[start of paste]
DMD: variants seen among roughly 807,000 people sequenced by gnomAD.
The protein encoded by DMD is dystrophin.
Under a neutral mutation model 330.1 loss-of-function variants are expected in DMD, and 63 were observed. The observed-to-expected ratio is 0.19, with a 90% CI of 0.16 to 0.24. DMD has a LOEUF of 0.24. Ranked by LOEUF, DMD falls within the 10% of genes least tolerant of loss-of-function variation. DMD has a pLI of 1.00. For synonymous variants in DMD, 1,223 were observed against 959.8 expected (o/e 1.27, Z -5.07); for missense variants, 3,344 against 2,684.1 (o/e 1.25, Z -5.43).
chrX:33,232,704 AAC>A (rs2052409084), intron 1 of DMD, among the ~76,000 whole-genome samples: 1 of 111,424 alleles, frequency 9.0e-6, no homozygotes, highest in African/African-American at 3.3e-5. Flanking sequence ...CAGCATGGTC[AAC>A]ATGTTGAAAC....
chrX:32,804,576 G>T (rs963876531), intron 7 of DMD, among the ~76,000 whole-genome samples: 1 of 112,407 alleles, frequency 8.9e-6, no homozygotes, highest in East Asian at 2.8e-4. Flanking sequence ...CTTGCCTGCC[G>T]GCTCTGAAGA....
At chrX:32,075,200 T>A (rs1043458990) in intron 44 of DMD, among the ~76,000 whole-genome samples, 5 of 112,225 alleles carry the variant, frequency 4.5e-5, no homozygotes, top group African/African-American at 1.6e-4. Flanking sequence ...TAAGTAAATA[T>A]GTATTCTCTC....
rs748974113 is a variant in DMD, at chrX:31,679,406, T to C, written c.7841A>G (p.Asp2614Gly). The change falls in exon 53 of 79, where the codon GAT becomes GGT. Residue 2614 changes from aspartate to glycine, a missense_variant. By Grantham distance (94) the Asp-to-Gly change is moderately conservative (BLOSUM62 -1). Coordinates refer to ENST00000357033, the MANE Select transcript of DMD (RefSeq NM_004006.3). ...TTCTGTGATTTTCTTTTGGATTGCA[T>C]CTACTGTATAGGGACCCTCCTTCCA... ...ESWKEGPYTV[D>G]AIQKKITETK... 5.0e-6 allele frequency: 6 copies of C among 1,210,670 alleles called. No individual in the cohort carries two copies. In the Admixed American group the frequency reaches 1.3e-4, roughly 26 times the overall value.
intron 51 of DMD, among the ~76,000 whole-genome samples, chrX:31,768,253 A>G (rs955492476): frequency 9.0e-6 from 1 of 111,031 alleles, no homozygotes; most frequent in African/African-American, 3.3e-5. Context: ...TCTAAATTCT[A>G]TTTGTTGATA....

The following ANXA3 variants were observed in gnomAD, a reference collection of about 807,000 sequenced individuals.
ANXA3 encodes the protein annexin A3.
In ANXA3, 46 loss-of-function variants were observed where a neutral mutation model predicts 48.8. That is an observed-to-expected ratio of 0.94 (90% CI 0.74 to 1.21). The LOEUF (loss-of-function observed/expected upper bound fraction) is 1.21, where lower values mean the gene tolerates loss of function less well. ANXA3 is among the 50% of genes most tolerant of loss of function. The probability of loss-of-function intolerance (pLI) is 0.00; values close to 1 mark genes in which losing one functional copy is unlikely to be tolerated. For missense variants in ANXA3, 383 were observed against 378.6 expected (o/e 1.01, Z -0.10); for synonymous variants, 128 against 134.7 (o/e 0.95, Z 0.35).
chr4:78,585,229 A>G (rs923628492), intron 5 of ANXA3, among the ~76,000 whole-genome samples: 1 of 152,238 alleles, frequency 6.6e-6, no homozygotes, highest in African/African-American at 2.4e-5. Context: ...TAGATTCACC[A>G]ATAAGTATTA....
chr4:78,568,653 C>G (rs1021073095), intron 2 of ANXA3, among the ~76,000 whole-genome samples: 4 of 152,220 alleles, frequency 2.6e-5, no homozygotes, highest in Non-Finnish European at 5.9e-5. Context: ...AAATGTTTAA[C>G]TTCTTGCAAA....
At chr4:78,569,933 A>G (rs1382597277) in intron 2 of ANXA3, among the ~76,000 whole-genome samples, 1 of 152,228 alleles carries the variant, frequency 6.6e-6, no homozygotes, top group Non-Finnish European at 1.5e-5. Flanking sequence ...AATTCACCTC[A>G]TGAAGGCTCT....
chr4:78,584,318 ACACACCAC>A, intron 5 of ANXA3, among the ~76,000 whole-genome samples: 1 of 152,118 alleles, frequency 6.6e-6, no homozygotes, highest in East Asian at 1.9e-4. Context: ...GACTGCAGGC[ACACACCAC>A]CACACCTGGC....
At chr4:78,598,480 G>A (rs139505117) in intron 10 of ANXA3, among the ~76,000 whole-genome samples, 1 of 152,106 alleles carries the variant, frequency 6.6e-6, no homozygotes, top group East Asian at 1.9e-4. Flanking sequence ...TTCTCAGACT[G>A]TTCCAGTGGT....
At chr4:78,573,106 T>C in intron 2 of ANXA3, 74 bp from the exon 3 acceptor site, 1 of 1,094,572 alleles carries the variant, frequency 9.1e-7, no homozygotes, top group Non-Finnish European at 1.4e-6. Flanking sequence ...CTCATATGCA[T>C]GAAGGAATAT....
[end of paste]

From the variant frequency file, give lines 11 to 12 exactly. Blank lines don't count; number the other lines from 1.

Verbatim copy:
In ANXA3, 46 loss-of-function variants were observed where a neutral mutation model predicts 48.8. That is an observed-to-expected ratio of 0.94 (90% CI 0.74 to 1.21). The LOEUF (loss-of-function observed/expected upper bound fraction) is 1.21, where lower values mean the gene tolerates loss of function less well. ANXA3 is among the 50% of genes most tolerant of loss of function. The probability of loss-of-function intolerance (pLI) is 0.00; values close to 1 mark genes in which losing one functional copy is unlikely to be tolerated. For missense variants in ANXA3, 383 were observed against 378.6 expected (o/e 1.01, Z -0.10); for synonymous variants, 128 against 134.7 (o/e 0.95, Z 0.35).
chr4:78,585,229 A>G (rs923628492), intron 5 of ANXA3, among the ~76,000 whole-genome samples: 1 of 152,238 alleles, frequency 6.6e-6, no homozygotes, highest in African/African-American at 2.4e-5. Context: ...TAGATTCACC[A>G]ATAAGTATTA....